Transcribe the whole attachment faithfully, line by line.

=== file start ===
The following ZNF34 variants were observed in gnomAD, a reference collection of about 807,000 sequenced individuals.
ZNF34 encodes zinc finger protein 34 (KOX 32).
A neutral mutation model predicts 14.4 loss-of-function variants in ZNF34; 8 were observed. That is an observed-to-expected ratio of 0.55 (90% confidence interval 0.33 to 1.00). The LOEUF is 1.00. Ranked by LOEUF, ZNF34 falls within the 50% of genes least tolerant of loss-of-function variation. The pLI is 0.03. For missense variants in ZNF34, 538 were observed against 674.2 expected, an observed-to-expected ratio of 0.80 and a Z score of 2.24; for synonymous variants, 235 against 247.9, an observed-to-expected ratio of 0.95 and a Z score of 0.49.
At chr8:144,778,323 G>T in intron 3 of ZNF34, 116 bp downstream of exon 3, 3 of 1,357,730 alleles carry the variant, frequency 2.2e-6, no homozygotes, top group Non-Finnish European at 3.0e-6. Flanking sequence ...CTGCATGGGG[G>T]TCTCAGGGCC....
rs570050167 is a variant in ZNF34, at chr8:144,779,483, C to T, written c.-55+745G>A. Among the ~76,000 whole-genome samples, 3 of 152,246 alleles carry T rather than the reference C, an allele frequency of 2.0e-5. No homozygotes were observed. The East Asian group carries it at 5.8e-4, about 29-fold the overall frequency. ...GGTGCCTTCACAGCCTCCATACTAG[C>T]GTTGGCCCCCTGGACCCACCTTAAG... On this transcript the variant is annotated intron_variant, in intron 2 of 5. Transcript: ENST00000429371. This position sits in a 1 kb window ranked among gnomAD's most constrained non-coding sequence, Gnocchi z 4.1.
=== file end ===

The following ZNF34 variants were observed in gnomAD, a reference collection of about 807,000 sequenced individuals.
ZNF34 encodes zinc finger protein 34 (KOX 32).
A neutral mutation model predicts 14.4 loss-of-function variants in ZNF34; 8 were observed. That is an observed-to-expected ratio of 0.55 (90% confidence interval 0.33 to 1.00). The LOEUF is 1.00. Ranked by LOEUF, ZNF34 falls within the 50% of genes least tolerant of loss-of-function variation. The pLI is 0.03. For missense variants in ZNF34, 538 were observed against 674.2 expected, an observed-to-expected ratio of 0.80 and a Z score of 2.24; for synonymous variants, 235 against 247.9, an observed-to-expected ratio of 0.95 and a Z score of 0.49.
At chr8:144,778,323 G>T in intron 3 of ZNF34, 116 bp downstream of exon 3, 3 of 1,357,730 alleles carry the variant, frequency 2.2e-6, no homozygotes, top group Non-Finnish European at 3.0e-6. Flanking sequence ...CTGCATGGGG[G>T]TCTCAGGGCC....
rs570050167 is a variant in ZNF34, at chr8:144,779,483, C to T, written c.-55+745G>A. Among the ~76,000 whole-genome samples, 3 of 152,246 alleles carry T rather than the reference C, an allele frequency of 2.0e-5. No homozygotes were observed. The East Asian group carries it at 5.8e-4, about 29-fold the overall frequency. ...GGTGCCTTCACAGCCTCCATACTAG[C>T]GTTGGCCCCCTGGACCCACCTTAAG... On this transcript the variant is annotated intron_variant, in intron 2 of 5. Transcript: ENST00000429371. This position sits in a 1 kb window ranked among gnomAD's most constrained non-coding sequence, Gnocchi z 4.1.